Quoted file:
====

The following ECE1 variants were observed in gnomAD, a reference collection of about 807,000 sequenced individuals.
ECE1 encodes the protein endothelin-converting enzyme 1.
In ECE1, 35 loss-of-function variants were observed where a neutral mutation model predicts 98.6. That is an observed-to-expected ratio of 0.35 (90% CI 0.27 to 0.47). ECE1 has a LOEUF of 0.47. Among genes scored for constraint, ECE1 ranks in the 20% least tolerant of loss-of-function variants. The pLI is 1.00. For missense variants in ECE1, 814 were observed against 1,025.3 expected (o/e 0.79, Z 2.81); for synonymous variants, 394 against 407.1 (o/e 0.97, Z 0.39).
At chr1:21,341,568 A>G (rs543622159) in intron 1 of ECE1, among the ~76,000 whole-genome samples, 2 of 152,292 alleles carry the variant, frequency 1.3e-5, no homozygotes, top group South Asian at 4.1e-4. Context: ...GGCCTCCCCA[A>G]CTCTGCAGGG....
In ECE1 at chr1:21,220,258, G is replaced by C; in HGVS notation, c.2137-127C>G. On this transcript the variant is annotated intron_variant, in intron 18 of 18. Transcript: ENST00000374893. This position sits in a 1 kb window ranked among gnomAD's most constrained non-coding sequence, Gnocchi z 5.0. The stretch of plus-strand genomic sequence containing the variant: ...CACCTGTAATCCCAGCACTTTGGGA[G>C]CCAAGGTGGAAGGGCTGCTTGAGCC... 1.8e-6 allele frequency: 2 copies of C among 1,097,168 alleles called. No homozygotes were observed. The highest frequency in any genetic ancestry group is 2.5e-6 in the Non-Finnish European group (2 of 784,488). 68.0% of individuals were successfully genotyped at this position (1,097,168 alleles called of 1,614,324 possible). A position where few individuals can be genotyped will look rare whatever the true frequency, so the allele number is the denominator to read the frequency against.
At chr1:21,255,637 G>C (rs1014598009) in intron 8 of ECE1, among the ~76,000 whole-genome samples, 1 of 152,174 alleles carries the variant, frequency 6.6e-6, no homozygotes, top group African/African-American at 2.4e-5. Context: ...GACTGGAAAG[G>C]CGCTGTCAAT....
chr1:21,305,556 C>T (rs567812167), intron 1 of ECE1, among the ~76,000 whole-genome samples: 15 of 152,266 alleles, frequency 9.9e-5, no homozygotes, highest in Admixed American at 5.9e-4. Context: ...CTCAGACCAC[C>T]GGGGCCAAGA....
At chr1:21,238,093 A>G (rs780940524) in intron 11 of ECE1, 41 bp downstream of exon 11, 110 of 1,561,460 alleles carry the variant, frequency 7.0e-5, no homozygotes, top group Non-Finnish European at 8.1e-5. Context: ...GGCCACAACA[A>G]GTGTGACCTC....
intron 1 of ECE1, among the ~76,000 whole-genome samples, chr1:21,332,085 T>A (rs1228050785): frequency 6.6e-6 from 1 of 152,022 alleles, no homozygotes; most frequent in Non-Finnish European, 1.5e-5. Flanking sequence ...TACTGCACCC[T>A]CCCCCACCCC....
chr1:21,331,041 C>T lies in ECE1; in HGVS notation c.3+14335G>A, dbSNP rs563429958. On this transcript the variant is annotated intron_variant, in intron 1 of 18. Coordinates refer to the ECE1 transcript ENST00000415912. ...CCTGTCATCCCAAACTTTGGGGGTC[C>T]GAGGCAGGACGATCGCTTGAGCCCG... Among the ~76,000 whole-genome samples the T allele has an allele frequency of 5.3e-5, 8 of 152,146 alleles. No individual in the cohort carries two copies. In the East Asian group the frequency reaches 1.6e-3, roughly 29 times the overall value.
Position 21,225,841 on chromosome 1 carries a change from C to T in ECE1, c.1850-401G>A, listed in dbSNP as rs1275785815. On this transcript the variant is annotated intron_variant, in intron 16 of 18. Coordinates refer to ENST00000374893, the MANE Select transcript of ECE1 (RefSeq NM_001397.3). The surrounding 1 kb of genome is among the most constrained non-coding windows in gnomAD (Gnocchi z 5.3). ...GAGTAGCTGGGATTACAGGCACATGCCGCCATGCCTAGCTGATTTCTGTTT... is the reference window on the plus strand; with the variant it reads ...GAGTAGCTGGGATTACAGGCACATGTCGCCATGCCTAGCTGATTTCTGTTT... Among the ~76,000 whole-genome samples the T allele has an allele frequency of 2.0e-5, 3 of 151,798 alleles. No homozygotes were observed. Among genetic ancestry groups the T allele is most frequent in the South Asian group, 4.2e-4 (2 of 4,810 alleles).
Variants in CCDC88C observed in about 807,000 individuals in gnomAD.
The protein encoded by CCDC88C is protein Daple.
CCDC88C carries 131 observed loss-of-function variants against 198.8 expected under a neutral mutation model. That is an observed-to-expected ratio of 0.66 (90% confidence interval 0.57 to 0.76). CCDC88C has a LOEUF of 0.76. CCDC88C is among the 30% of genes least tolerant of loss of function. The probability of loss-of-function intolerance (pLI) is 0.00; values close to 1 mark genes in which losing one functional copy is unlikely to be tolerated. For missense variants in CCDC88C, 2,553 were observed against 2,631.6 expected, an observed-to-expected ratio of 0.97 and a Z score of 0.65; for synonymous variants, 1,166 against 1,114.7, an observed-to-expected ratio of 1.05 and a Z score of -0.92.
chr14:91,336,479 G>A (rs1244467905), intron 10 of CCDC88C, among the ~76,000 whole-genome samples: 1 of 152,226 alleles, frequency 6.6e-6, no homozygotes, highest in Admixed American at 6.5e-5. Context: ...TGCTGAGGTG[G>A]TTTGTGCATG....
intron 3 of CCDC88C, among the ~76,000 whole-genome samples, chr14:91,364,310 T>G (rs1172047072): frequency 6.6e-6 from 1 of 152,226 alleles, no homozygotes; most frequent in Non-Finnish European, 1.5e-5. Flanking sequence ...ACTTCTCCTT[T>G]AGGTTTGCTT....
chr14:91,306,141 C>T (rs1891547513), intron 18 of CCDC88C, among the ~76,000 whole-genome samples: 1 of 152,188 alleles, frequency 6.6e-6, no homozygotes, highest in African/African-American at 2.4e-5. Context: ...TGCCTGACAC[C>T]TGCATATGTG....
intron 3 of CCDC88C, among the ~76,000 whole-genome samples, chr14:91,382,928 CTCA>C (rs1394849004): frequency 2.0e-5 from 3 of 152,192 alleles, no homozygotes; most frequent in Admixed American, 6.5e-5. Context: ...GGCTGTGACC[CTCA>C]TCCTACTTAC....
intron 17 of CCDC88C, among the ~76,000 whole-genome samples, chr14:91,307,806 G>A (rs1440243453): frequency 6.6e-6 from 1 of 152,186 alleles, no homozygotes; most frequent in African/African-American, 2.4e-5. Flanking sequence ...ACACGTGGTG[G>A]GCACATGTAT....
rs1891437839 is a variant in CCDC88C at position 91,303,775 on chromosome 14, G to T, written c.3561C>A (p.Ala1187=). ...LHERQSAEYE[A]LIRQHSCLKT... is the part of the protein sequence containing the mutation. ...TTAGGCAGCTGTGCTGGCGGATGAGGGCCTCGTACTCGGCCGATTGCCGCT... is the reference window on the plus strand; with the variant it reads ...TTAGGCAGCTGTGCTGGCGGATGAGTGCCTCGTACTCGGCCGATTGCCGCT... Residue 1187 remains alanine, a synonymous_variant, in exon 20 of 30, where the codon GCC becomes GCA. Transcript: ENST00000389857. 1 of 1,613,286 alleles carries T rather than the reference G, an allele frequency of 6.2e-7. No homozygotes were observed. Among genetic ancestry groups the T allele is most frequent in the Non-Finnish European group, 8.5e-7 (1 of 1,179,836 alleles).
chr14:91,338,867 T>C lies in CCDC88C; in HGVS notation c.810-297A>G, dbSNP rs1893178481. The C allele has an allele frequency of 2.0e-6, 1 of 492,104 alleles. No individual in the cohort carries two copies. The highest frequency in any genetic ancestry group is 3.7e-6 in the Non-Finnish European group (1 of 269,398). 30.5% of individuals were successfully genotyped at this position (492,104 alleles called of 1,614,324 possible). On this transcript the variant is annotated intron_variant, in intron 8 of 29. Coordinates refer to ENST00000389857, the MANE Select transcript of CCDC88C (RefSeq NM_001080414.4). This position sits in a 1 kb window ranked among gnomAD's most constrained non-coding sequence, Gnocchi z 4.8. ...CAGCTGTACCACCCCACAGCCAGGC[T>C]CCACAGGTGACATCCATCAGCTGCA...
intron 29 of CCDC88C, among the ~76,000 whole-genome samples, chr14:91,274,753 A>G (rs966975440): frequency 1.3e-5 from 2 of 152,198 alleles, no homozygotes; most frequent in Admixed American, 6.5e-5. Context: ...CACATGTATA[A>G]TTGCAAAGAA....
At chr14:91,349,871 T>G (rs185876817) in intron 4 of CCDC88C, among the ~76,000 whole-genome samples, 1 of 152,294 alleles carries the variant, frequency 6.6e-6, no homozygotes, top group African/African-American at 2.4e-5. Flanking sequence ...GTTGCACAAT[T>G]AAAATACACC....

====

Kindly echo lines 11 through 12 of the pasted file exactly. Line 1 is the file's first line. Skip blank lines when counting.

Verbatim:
Position 21,225,841 on chromosome 1 carries a change from C to T in ECE1, c.1850-401G>A, listed in dbSNP as rs1275785815. On this transcript the variant is annotated intron_variant, in intron 16 of 18. Coordinates refer to ENST00000374893, the MANE Select transcript of ECE1 (RefSeq NM_001397.3). The surrounding 1 kb of genome is among the most constrained non-coding windows in gnomAD (Gnocchi z 5.3). ...GAGTAGCTGGGATTACAGGCACATGCCGCCATGCCTAGCTGATTTCTGTTT... is the reference window on the plus strand; with the variant it reads ...GAGTAGCTGGGATTACAGGCACATGTCGCCATGCCTAGCTGATTTCTGTTT... Among the ~76,000 whole-genome samples the T allele has an allele frequency of 2.0e-5, 3 of 151,798 alleles. No homozygotes were observed. Among genetic ancestry groups the T allele is most frequent in the South Asian group, 4.2e-4 (2 of 4,810 alleles).
Variants in CCDC88C observed in about 807,000 individuals in gnomAD.